At times, I think my Announcements for my classes take on the tone of a blog post. My online students do not have the luxury of the 5-10 minutes I spend each class period harping on attitude, perseverance, discipline, and poor defense and shot-blocking in mid-major NCAA basketball conferences. I have to make up for my diatribes via Announcements. Here is another example, which refers to emails received by some students blocked by Adaptive Release rules I imposed this semester (Spring 2013).
Some of you noticed after taking the Unit 1 Exam you’re stuck and could not progress to Unit 2. The reason is I must manually grade the exam. The reason behind manually grading the exam is to correct bad habits before you go through a semester of bad habits and fail the course. Manually grading the first exam is my way of communicating to everyone their course habits which will hurt their grade, potentially culminating in failing. I will grade, leave you comments, if necessary, and then you will be ready to proceed to the next units. If I give warnings in my comments or suggestions, and you elect not to heed those warning, it is your prerogative because you know the repercussions.
Now, some comments about “comments.”
If you read one of my earlier posts, grammar and punctuation is critical. Why would you lose a letter grade due to sloppy punctuation and grammar?
Courses are not simply about an instructor communicating information and you being tested on the information. You can think that you are throwing your student loan money away because you think you are simply performing busy work. You probably aren’t doing busy work. And, every single course you take has a redeeming trait – it may only be one – but every course has at least one.
You can learn from the instructor’s delivery, his/her speech, word choice, and organization of material. Learn from his/her classroom management skills, discipline, how questions are fielded, or if questions are even entertained. Can the instructor talk off-the-cuff about a topic or is no deviation from notes allowed?
One day you may find yourself in front of people on a regular basis. You may be a trainer, a consultant, a teacher, standing in front of an audience as your generations Bill Gates or Steve Jobs, or giving a TEDTalk about some new technology. Being able to manage your communication space will make your message memorable. Pay attention now. You may be able to use the knowledge later.
If you entertain a course and elect to sit in a chair like a bump, then you are choosing to be a “bump.” Let me know, though, and I’ll see if I can find you a name-tag which says “Hello, My Name is Bump.” Education is a dual-action (bi–directional) endeavor; the instructor (hopefully) creates a learning environment and the student brings a willingness to operate within that environment.
Most students find my comments upsetting. I think this is because high schools coddle students. Secondary schools are worried about damaging a child’s self-esteem thus teachers figure out ways of politely lying to kids. Then, when high school students transition to college they have an inflated sense of self brought on by years of having egos stroked and being sung lullabies of untruths. I’ve interviewed numerous students over almost 20 years of university teaching and many students go through shock when they discover high school left them completely unprepared for the rigors of college education. Teachers themselves are not entirely to blame. Parents argue to have their kids coddled and sue teachers and school districts. People with some ax to grind regarding his/her own education at local or state level find ways to insinuate bad ideas into local, state, or Federal education policy. These policies, like “no more than one hour of homework,” or “no homework for graduating seniors,” as well as cuts to arts and music and after-school programs undermine intellectual efforts across U.S society. Eventually, the culmination of these bad ideas will result in a New World Order based on innovation, education, and research with China, India, Germany, Japan, South Korea, Taiwan at the top and a few locations in the United States, like San Francisco, New York, Denver/Boulder, Seattle, and Washington, D.C. as the few U.S. technopoles.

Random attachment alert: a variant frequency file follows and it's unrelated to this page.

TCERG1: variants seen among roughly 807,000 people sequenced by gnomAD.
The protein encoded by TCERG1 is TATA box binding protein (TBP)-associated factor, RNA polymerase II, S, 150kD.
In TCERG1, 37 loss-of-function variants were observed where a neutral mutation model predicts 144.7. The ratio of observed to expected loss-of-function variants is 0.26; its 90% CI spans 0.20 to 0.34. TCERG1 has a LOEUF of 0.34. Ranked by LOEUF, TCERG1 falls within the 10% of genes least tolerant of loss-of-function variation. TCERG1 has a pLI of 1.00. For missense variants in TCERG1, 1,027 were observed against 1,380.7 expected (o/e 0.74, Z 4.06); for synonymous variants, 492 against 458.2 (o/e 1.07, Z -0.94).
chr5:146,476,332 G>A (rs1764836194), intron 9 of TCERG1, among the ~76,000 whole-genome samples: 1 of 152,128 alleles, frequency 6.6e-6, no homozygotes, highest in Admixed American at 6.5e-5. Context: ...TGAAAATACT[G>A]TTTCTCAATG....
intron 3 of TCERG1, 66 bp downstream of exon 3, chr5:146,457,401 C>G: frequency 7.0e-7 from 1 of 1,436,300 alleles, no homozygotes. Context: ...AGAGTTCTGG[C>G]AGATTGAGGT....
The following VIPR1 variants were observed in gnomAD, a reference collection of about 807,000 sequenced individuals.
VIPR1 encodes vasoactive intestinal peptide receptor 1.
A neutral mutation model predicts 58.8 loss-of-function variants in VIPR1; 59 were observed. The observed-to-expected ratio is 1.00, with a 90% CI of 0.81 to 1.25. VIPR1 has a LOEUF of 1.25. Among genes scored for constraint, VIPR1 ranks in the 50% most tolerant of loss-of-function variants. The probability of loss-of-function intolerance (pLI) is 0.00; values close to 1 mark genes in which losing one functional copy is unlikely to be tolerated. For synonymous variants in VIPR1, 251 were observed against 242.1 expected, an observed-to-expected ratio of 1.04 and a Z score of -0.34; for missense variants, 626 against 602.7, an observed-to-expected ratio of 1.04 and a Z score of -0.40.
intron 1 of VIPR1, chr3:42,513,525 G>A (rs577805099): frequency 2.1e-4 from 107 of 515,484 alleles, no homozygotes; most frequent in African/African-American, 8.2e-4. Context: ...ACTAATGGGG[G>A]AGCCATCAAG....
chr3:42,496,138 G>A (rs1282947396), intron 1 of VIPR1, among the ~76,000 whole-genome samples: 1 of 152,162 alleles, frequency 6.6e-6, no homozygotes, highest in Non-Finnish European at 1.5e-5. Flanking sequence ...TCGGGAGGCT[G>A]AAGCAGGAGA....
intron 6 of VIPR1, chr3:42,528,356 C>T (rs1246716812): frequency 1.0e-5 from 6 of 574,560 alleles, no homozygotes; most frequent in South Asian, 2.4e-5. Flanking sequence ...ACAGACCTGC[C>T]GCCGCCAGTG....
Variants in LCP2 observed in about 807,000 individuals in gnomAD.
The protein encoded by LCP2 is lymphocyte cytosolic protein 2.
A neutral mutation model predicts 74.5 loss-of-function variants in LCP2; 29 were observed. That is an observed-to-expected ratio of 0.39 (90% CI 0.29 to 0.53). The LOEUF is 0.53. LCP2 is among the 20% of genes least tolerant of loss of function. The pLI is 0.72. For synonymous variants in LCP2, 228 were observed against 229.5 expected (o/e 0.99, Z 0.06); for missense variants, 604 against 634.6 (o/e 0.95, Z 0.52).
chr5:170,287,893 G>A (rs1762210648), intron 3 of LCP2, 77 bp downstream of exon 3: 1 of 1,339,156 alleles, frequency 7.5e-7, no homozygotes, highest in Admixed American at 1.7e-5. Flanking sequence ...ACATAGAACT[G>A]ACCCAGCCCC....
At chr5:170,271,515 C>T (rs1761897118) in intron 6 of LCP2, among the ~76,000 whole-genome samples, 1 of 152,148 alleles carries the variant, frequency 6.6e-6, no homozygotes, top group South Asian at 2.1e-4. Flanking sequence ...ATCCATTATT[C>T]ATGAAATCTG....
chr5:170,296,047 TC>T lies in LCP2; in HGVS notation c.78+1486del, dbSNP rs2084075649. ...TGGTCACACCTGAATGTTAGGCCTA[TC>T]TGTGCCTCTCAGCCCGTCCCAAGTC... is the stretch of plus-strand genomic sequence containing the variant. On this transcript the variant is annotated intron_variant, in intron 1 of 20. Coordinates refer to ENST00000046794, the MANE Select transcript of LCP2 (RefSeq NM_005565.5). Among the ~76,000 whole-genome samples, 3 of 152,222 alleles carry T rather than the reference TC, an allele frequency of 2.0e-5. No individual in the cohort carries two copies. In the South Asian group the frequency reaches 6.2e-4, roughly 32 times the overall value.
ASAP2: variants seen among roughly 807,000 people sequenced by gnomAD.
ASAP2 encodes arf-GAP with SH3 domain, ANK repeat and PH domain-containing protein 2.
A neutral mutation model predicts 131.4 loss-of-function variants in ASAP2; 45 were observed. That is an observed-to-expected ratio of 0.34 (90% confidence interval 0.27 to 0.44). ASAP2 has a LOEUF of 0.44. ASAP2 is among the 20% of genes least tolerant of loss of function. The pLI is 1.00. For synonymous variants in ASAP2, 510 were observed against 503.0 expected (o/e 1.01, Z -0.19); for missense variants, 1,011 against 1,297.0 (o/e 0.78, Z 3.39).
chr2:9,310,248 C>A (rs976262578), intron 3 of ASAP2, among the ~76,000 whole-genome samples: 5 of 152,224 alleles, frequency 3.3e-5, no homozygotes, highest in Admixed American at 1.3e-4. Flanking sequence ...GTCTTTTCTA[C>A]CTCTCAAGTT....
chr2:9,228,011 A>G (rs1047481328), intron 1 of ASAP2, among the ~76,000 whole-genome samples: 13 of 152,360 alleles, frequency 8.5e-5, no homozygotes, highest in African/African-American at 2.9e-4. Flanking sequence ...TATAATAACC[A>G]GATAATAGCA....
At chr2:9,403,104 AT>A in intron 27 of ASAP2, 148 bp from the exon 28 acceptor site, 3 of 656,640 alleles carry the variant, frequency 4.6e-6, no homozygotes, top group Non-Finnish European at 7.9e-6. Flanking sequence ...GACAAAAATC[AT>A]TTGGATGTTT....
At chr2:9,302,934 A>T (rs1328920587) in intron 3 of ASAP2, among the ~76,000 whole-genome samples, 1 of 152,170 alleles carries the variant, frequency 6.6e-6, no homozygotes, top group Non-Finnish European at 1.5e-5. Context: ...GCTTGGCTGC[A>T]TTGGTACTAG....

My comments are not meant to be upsetting, though if someone threw cold water in your face without warning I could understand why that might be upsetting. We all bring biases to bear when we read. We use tones from our parents, teachers, ministers or other people of authority. Everyone does this but we have to understand that this is what we do and probably does not match the tone of the person who originated an email, text message, or Facebook status update. Being able to internally manage our internal reaction to tone is part of what society calls “maturity.” My comments are meant to tell you to “wake up and respect yourself and take charge of yourself and stop pretending like you are in the 13th grade and get yourself ready to be a productive part of society.”
If you graduated from Coddle County High School (or the Coddle city schools), I’m sorry about that but your going to have to put that behind you and get yourself ready to face your future.
When you email professional people, be polite. Generally, you will get politeness back. When you receive a reply, no tone or connotation can be implied, unless there is an obvious statement or obvious connotation. By obvious, I mean the statement needs to be interpreted the same way by many people, not just you.
Take these comments for what you will.